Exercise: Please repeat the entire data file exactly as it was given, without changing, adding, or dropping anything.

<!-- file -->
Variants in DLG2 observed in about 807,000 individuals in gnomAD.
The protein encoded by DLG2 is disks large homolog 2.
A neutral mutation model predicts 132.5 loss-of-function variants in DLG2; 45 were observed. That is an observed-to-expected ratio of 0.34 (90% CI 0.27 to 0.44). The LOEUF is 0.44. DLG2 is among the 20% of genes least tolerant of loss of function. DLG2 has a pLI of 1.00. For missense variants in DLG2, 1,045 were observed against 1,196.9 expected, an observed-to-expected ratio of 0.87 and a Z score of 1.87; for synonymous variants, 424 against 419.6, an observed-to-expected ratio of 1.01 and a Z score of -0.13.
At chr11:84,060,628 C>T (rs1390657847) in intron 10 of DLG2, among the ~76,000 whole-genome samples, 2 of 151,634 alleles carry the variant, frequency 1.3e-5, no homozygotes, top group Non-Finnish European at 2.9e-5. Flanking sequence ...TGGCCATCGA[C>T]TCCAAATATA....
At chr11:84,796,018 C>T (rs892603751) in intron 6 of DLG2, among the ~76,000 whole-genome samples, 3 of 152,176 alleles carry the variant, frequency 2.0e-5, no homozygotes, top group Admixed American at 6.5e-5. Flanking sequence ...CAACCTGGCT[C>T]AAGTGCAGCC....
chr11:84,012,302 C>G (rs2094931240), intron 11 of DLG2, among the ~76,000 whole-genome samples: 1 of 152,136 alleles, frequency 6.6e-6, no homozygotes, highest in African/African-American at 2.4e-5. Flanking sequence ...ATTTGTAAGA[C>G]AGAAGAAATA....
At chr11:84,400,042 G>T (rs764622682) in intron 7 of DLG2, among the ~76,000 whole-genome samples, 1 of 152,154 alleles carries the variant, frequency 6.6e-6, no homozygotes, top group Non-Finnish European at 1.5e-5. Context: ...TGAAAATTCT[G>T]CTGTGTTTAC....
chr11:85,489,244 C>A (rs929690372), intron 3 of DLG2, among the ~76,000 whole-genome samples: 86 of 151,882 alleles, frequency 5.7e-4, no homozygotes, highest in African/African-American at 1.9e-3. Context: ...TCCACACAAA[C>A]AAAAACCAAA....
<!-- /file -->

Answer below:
Variants in DLG2 observed in about 807,000 individuals in gnomAD.
The protein encoded by DLG2 is disks large homolog 2.
A neutral mutation model predicts 132.5 loss-of-function variants in DLG2; 45 were observed. That is an observed-to-expected ratio of 0.34 (90% CI 0.27 to 0.44). The LOEUF is 0.44. DLG2 is among the 20% of genes least tolerant of loss of function. DLG2 has a pLI of 1.00. For missense variants in DLG2, 1,045 were observed against 1,196.9 expected, an observed-to-expected ratio of 0.87 and a Z score of 1.87; for synonymous variants, 424 against 419.6, an observed-to-expected ratio of 1.01 and a Z score of -0.13.
At chr11:84,060,628 C>T (rs1390657847) in intron 10 of DLG2, among the ~76,000 whole-genome samples, 2 of 151,634 alleles carry the variant, frequency 1.3e-5, no homozygotes, top group Non-Finnish European at 2.9e-5. Flanking sequence ...TGGCCATCGA[C>T]TCCAAATATA....
At chr11:84,796,018 C>T (rs892603751) in intron 6 of DLG2, among the ~76,000 whole-genome samples, 3 of 152,176 alleles carry the variant, frequency 2.0e-5, no homozygotes, top group Admixed American at 6.5e-5. Flanking sequence ...CAACCTGGCT[C>T]AAGTGCAGCC....
chr11:84,012,302 C>G (rs2094931240), intron 11 of DLG2, among the ~76,000 whole-genome samples: 1 of 152,136 alleles, frequency 6.6e-6, no homozygotes, highest in African/African-American at 2.4e-5. Flanking sequence ...ATTTGTAAGA[C>G]AGAAGAAATA....
At chr11:84,400,042 G>T (rs764622682) in intron 7 of DLG2, among the ~76,000 whole-genome samples, 1 of 152,154 alleles carries the variant, frequency 6.6e-6, no homozygotes, top group Non-Finnish European at 1.5e-5. Context: ...TGAAAATTCT[G>T]CTGTGTTTAC....
chr11:85,489,244 C>A (rs929690372), intron 3 of DLG2, among the ~76,000 whole-genome samples: 86 of 151,882 alleles, frequency 5.7e-4, no homozygotes, highest in African/African-American at 1.9e-3. Context: ...TCCACACAAA[C>A]AAAAACCAAA....